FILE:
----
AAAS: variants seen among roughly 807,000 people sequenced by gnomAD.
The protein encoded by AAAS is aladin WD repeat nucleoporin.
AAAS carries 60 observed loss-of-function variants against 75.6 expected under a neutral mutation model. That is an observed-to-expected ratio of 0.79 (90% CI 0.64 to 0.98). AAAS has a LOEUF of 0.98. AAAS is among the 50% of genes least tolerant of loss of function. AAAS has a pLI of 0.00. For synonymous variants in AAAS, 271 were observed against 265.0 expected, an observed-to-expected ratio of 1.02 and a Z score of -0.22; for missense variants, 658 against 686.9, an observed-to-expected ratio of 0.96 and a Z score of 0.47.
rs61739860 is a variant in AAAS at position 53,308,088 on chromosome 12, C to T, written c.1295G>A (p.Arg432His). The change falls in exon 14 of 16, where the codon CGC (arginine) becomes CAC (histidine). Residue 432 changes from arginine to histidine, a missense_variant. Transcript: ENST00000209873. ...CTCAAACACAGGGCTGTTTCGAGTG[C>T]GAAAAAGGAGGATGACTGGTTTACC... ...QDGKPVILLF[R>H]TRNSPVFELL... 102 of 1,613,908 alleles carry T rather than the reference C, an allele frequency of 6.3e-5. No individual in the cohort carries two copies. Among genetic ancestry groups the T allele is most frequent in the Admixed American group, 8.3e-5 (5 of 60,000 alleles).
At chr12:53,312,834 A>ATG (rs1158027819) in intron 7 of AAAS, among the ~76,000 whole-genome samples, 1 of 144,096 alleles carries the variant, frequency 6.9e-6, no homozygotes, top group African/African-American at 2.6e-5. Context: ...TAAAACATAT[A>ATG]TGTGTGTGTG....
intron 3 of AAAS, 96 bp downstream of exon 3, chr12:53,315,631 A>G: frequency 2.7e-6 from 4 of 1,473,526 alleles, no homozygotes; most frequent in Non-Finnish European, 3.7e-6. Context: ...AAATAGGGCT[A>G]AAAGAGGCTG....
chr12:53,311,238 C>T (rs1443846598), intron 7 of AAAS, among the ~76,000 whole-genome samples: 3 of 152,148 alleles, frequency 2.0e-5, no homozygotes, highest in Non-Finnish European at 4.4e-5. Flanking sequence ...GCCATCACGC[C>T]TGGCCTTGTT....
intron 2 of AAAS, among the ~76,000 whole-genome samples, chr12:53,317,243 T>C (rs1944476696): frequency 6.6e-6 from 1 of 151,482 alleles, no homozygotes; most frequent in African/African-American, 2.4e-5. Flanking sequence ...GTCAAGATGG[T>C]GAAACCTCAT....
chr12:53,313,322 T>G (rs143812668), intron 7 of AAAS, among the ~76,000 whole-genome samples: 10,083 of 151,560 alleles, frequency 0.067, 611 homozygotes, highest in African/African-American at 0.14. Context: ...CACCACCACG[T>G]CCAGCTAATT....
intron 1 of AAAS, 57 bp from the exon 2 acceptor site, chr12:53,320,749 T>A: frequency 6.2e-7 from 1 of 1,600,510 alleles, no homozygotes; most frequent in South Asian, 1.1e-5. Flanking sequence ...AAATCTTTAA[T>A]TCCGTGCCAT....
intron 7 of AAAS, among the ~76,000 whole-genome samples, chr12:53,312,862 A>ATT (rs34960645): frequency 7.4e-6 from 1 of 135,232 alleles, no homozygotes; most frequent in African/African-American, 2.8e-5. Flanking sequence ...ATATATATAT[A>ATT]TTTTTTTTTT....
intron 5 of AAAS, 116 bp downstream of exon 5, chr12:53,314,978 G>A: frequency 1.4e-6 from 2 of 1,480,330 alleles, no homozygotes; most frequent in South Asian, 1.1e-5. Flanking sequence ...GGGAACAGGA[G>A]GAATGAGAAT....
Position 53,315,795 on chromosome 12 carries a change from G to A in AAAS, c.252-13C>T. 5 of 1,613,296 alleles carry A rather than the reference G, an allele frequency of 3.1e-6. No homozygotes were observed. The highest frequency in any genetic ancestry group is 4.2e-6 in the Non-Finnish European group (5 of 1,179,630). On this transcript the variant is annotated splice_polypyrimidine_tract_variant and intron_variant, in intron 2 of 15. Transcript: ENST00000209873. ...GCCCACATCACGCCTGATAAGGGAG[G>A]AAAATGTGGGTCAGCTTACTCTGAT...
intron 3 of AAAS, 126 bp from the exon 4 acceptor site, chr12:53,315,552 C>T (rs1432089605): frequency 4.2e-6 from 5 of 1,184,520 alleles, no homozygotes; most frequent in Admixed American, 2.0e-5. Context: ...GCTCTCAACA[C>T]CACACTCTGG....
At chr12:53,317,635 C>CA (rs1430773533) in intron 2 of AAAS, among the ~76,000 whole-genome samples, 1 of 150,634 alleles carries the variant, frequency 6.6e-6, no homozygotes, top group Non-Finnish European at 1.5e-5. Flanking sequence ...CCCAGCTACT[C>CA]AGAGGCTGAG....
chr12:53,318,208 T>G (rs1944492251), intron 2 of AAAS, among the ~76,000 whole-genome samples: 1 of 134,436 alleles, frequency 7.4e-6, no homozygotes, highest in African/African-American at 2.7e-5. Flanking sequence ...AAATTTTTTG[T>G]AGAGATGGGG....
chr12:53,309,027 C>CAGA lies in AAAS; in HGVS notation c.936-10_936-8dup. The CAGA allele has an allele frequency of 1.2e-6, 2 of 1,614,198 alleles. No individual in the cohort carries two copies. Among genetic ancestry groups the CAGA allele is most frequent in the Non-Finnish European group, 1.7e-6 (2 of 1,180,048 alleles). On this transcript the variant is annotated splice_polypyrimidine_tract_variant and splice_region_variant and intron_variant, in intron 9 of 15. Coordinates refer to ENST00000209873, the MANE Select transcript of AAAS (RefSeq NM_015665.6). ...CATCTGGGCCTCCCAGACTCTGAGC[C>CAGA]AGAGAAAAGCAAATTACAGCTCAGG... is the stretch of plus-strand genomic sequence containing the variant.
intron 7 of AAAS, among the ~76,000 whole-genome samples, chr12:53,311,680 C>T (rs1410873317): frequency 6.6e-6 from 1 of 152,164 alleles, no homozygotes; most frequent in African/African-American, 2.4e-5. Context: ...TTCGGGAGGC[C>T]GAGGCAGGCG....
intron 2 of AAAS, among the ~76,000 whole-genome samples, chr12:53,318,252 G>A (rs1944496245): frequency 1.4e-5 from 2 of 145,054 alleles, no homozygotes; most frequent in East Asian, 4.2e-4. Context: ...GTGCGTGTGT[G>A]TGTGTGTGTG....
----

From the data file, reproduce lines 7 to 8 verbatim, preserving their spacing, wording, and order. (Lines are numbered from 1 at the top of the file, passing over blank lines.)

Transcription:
chr12:53,311,238 C>T (rs1443846598), intron 7 of AAAS, among the ~76,000 whole-genome samples: 3 of 152,148 alleles, frequency 2.0e-5, no homozygotes, highest in Non-Finnish European at 4.4e-5. Flanking sequence ...GCCATCACGC[C>T]TGGCCTTGTT....
intron 2 of AAAS, among the ~76,000 whole-genome samples, chr12:53,317,243 T>C (rs1944476696): frequency 6.6e-6 from 1 of 151,482 alleles, no homozygotes; most frequent in African/African-American, 2.4e-5. Flanking sequence ...GTCAAGATGG[T>C]GAAACCTCAT....